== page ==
Another possible way to change the regulations is to keep the binding FAR limit, but switch it up so that parking counts against FAR. Returning to our 15:1 FAR tower, we would raise the FAR limit in our zone to 23:1, but count the above-ground parking toward the FAR cap. Again, the same building currently being built would still be allowed, but again, there would be incentives to build better ones.
This would differ from a height limit because you may end up with buildings in slightly different forms (e.g. taller and skinner). It may also differ because while a height limit encourages the remaining above-ground parking to have short floors so as not to take up valuable vertical space, there’s no such consideration for FAR. While most developers would probably still prefer to build cheaper, shorter stories, it does open the possibility for developers to build full-height stories that could potentially be converted into usable space at a later point. This is exactly what’s happening in the Floodgate project in San Antonio referenced in my previous post. Developers may even choose to build 14’ floors that allow automated parking systems that stack cars two-high. If demand for parking falls, such floors would be better suited to being adapted to creative office spaces.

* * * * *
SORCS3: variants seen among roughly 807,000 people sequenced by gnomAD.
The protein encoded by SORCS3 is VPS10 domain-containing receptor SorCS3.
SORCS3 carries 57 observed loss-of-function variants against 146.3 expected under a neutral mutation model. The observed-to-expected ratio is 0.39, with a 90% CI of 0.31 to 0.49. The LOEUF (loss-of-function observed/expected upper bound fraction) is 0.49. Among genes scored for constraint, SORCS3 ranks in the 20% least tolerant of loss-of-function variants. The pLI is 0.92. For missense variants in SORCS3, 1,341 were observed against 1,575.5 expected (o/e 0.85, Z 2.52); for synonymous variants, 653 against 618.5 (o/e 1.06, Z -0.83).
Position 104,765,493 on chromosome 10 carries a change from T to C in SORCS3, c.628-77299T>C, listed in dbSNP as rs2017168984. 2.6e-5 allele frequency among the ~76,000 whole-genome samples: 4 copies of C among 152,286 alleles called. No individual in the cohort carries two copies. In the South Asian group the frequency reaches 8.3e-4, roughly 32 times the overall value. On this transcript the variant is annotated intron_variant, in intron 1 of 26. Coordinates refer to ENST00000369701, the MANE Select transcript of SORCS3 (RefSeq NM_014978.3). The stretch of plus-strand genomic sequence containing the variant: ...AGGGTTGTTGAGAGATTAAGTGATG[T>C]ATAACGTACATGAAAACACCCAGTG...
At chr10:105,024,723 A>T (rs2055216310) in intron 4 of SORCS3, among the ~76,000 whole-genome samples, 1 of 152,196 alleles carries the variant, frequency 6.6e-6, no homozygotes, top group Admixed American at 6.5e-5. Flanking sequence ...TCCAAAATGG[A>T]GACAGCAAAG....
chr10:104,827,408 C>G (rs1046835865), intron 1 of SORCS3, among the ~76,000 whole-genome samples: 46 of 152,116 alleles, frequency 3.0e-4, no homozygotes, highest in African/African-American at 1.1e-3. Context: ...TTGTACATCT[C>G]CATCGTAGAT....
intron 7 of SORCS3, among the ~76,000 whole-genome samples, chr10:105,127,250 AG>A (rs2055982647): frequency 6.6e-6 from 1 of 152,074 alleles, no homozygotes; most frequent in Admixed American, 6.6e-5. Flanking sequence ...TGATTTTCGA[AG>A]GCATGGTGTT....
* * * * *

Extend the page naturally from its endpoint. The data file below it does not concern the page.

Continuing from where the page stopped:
Let’s look at this visually. Here’s our initial building:It’s not a thing of beauty, but then again, neither are a number of Austin’s new towers, at least when it comes to floors 2-9. The ground floor is retail, floors 2-9 are parking (rendered in gray), and above that are some condos with balconies. Now, let’s look at one way this tower might look under the new rules.